The last of this season’s wild orchids are coming into flower here now, while in parts of southern Europe, North Africa and the Middle East some species are threatened with extinction as tubers are dug up to produce cures for everyday complaints and erectile dysfunction

The ancestry of orchids goes back to ancient Greece when the word orchis – to describe the plant’s tuber – meant testicle. This was at a time when plants were used to cure parts of the body that they resembled. A connection was made between the root system of an orchid and a suitable treatment to help an impotent man.

As speculation progressed, the presence of an orchid was attributed to copulating animals and the point where semen had accidentally fallen on the ground. Another theory hypothesized that the root of an orchid could determine the sex of a man’s off-spring. Chauvinism, being particularly prevalent at the time, it was alleged that men who ate whole new tubers would produce healthy male children. Eating shriveled old tubers resulted in girls!

Wild orchids…wild claims?

By the 17th century ,herbalists went one step further claiming that “fat firm tubers should be eaten with discretion as they provoke exceeding.”  Today for most people it sounds like far-fetched folklore but certain beliefs continue to exist. Google the words ‘impotence – cure – orchid-roots’ and there are plenty of advertisements claiming that they can prevent nightfall and improve a man’s sexual drive and stamina. Even more remarkably it is said that salep – made from orchid tubers –can improve oligospermia (low sperm count) and oligozoospermia (sperm motility).

Salep is an Arabic word meaning ‘testicles of the fox’ and refers to a drink made from pulverized orchid tubers, sugar, ground cinnamon, ginger and milk. Particularly enjoyed in Turkey and Greece, where it is believed to promote good health and fertility, it is often sold by street vendors. Over the years its popularity has resulted in the virtual extinction of some wild orchids in the Pindus Mountains.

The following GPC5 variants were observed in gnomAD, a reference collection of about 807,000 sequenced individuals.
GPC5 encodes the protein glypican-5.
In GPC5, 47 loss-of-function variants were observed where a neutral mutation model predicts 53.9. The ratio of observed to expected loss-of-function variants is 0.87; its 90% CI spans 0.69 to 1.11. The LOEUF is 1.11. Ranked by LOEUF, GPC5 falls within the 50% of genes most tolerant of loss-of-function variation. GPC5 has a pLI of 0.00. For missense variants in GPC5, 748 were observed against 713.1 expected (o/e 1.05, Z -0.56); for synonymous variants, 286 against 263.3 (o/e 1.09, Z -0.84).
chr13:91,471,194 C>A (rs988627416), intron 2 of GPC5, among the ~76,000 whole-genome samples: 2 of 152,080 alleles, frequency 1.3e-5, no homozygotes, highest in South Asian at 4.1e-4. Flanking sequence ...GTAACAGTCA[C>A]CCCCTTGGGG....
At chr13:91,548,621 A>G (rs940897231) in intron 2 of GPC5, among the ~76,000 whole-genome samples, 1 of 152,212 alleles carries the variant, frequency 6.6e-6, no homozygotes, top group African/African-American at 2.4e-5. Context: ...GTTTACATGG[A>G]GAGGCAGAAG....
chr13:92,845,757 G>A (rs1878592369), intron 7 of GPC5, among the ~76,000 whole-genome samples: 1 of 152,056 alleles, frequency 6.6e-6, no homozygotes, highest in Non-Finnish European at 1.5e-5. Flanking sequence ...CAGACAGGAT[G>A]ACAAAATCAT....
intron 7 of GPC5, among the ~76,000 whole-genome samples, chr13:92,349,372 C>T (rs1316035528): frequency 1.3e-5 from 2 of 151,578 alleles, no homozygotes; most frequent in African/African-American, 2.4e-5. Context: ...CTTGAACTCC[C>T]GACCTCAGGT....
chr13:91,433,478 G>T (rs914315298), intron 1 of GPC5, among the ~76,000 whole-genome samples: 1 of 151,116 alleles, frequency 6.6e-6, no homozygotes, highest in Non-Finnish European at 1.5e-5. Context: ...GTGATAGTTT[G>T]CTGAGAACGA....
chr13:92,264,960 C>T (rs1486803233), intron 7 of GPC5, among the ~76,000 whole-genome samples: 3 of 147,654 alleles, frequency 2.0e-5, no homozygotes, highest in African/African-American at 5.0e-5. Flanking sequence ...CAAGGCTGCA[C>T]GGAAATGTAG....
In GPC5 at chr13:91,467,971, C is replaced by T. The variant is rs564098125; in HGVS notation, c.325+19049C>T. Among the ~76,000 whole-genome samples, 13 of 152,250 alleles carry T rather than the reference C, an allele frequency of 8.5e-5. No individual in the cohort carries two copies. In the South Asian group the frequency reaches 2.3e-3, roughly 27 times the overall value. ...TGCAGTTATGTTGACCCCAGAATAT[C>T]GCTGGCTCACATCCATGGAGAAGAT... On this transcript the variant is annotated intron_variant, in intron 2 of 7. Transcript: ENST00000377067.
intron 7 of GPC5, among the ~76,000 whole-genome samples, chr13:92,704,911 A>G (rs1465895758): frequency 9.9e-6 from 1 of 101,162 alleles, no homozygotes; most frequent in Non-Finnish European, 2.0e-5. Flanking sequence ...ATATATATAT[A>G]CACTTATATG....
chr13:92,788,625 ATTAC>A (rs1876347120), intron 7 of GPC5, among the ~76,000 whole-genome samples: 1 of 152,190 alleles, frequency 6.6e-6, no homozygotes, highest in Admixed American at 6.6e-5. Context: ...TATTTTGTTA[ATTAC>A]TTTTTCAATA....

Once the tubers are destroyed, orchids have difficulty in reproducing. Their microscopic seeds that appear like dust contain no food reserves. A seedling only forms when it is infected by a fungus that supplies it with sugar and other nutrients.

In the Algarve during the month of June, Pyramidal, Lax-Flowered and Green-winged orchids come into bloom as part of their reproductive cycle but digging up the tubers or picking the flowers is highly detrimental.  When it comes to curing the flagging sex life of a local man, Viagra is an environmentally preferable option!

Proof, or no proof

Despite the continuing destruction of orchids, it is unclear if they have any scientifically proven medicinal properties. A study in Iran involving mice injected with salep, found their testosterone levels and sperm production increased. But from mice to men requires a huge leap of faith. Another team of scientists claimed to have found a novel aphrodisiac and went onto produce a drug from the flowers of an orchid, Vanda Tessellatta. This epiphytic variety with aerial roots increased the level of nitric oxide in human blood but experiments did not prove its efficacy in combating penile dysfunction.

Despite the lack of concrete evidence, the sale of salep powder has increased. This reflects an international trend towards organic foodstuffs and alternative medicines. Salep proudly proclaims it is made from 35 varieties of authentic orchids and that as many as 4,000 tubers have been used to manufacture a single kilo of powder. What is not made clear is that some of the orchids are grown commercially but others are harvested from the wild.

Eight percent of all plants belong to the Orchidaceae family, making it one of the largest plant groups in the world. Of 25,000 species, all varieties are shown on the CITES list, Appendix I & II (cites.org) making many of them as endangered as African elephants and gorillas.

The Algarve is home to a number of distinctive groups. The small Ophrys orchids have flowers that resemble bees and flies. They have beautiful intricate markings and easily hybridize with each other resulting in variable forms that are hardier than some other wild orchids. This ability for orchids to cross pollinate also explains why there are so many cultivated varieties.

Seen in early spring in the Algarve’s damper places, Serapia orchids look like miniature gladiolus with several flowers growing from a single stem. More spectacular Orchis Italica has a cluster of pale pink flowers each one resembling a tiny monkey. Its close relative, Orchis Lutea has clusters of small white flowers with long fine pointed sepals. These give the plant an overall appearance of being covered in whiskers. I’m not sure – but maybe this orchid has been utilized by men who can’t grow beards.

Words: Carolyn Kain

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